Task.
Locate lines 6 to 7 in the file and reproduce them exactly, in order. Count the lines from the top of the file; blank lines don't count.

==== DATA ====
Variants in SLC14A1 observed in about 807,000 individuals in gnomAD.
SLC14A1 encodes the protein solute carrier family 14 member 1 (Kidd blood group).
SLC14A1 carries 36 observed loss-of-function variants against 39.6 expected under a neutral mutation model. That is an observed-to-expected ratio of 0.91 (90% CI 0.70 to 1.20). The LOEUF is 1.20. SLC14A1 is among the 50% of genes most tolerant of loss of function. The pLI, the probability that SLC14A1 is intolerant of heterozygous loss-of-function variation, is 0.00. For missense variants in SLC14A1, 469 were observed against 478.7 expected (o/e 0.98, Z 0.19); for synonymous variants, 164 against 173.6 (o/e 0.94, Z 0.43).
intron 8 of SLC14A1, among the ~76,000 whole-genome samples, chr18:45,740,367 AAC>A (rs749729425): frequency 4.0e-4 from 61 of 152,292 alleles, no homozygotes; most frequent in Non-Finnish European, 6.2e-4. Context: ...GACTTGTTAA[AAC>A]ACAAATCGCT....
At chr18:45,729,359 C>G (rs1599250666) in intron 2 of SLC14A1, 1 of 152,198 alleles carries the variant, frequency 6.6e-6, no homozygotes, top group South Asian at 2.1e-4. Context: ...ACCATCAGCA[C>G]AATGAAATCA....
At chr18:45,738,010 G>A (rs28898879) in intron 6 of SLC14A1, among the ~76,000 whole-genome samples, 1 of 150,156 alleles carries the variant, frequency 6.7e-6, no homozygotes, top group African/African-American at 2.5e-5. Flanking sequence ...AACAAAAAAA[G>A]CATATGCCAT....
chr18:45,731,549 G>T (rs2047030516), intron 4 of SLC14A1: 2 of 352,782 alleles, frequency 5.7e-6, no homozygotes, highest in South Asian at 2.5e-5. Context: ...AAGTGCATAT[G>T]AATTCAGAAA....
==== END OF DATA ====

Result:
At chr18:45,738,010 G>A (rs28898879) in intron 6 of SLC14A1, among the ~76,000 whole-genome samples, 1 of 150,156 alleles carries the variant, frequency 6.7e-6, no homozygotes, top group African/African-American at 2.5e-5. Flanking sequence ...AACAAAAAAA[G>A]CATATGCCAT....
chr18:45,731,549 G>T (rs2047030516), intron 4 of SLC14A1: 2 of 352,782 alleles, frequency 5.7e-6, no homozygotes, highest in South Asian at 2.5e-5. Context: ...AAGTGCATAT[G>T]AATTCAGAAA....